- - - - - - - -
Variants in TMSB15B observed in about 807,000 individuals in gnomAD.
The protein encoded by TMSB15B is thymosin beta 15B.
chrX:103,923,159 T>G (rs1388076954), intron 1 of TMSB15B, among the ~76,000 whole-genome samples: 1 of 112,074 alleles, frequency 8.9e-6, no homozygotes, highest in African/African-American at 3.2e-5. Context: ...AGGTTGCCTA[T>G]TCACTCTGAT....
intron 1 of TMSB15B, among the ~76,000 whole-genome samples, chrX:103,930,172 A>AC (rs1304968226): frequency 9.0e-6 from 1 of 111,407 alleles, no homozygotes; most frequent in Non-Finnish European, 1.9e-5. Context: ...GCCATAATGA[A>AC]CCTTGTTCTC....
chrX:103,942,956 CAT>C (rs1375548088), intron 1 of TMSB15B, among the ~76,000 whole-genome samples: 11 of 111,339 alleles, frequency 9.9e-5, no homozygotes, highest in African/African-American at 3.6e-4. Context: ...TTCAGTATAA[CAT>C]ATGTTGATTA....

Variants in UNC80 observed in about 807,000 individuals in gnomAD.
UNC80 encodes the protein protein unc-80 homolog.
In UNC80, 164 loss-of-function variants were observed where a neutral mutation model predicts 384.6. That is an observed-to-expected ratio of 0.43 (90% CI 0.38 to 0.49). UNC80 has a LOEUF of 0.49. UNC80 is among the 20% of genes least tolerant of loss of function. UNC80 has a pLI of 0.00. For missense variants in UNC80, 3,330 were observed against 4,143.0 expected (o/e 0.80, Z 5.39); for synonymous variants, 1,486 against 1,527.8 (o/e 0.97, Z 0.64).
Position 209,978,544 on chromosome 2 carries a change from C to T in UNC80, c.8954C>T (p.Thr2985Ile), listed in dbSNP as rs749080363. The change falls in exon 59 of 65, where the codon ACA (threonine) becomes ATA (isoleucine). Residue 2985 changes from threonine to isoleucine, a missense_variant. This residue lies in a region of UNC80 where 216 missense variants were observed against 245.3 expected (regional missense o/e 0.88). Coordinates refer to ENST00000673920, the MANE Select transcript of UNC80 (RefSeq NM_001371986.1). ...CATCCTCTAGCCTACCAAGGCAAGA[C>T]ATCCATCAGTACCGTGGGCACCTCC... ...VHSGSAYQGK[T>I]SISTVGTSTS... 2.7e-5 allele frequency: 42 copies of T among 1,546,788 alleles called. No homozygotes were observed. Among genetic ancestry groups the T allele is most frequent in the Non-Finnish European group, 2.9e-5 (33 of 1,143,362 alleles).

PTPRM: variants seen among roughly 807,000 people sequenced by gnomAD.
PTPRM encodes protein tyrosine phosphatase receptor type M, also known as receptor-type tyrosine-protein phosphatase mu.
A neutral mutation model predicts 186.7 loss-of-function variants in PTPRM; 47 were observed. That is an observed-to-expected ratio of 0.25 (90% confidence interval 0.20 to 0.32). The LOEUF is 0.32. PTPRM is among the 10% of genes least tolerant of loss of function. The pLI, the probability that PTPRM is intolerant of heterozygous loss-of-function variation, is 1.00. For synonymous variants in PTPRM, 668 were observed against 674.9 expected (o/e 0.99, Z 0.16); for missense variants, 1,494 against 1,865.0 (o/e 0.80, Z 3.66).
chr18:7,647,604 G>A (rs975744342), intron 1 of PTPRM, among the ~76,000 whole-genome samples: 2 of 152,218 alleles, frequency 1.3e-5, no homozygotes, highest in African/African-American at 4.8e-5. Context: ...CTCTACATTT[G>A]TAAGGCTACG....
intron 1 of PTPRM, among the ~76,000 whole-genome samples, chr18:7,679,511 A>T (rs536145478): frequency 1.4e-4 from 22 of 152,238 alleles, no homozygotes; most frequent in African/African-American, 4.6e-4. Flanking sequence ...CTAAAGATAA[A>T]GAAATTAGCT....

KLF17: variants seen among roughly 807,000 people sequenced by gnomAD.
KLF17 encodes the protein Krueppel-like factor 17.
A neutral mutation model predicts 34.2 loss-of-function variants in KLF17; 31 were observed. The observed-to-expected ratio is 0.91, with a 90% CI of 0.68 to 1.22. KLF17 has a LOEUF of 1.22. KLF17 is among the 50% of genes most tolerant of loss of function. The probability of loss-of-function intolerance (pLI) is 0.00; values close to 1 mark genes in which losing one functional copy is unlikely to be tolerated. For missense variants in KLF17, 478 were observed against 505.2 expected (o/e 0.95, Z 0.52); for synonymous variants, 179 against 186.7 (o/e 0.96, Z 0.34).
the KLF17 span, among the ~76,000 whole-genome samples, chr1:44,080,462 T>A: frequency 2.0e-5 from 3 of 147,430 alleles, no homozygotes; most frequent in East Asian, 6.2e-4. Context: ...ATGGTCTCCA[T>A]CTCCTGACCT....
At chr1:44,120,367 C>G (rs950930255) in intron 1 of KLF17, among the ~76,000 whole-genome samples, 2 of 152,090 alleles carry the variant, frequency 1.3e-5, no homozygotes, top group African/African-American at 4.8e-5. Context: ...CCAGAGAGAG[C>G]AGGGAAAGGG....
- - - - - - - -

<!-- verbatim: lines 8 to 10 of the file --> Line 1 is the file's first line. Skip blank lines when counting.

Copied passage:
In UNC80, 164 loss-of-function variants were observed where a neutral mutation model predicts 384.6. That is an observed-to-expected ratio of 0.43 (90% CI 0.38 to 0.49). UNC80 has a LOEUF of 0.49. UNC80 is among the 20% of genes least tolerant of loss of function. UNC80 has a pLI of 0.00. For missense variants in UNC80, 3,330 were observed against 4,143.0 expected (o/e 0.80, Z 5.39); for synonymous variants, 1,486 against 1,527.8 (o/e 0.97, Z 0.64).
Position 209,978,544 on chromosome 2 carries a change from C to T in UNC80, c.8954C>T (p.Thr2985Ile), listed in dbSNP as rs749080363. The change falls in exon 59 of 65, where the codon ACA (threonine) becomes ATA (isoleucine). Residue 2985 changes from threonine to isoleucine, a missense_variant. This residue lies in a region of UNC80 where 216 missense variants were observed against 245.3 expected (regional missense o/e 0.88). Coordinates refer to ENST00000673920, the MANE Select transcript of UNC80 (RefSeq NM_001371986.1). ...CATCCTCTAGCCTACCAAGGCAAGA[C>T]ATCCATCAGTACCGTGGGCACCTCC... ...VHSGSAYQGK[T>I]SISTVGTSTS... 2.7e-5 allele frequency: 42 copies of T among 1,546,788 alleles called. No homozygotes were observed. Among genetic ancestry groups the T allele is most frequent in the Non-Finnish European group, 2.9e-5 (33 of 1,143,362 alleles).

PTPRM: variants seen among roughly 807,000 people sequenced by gnomAD.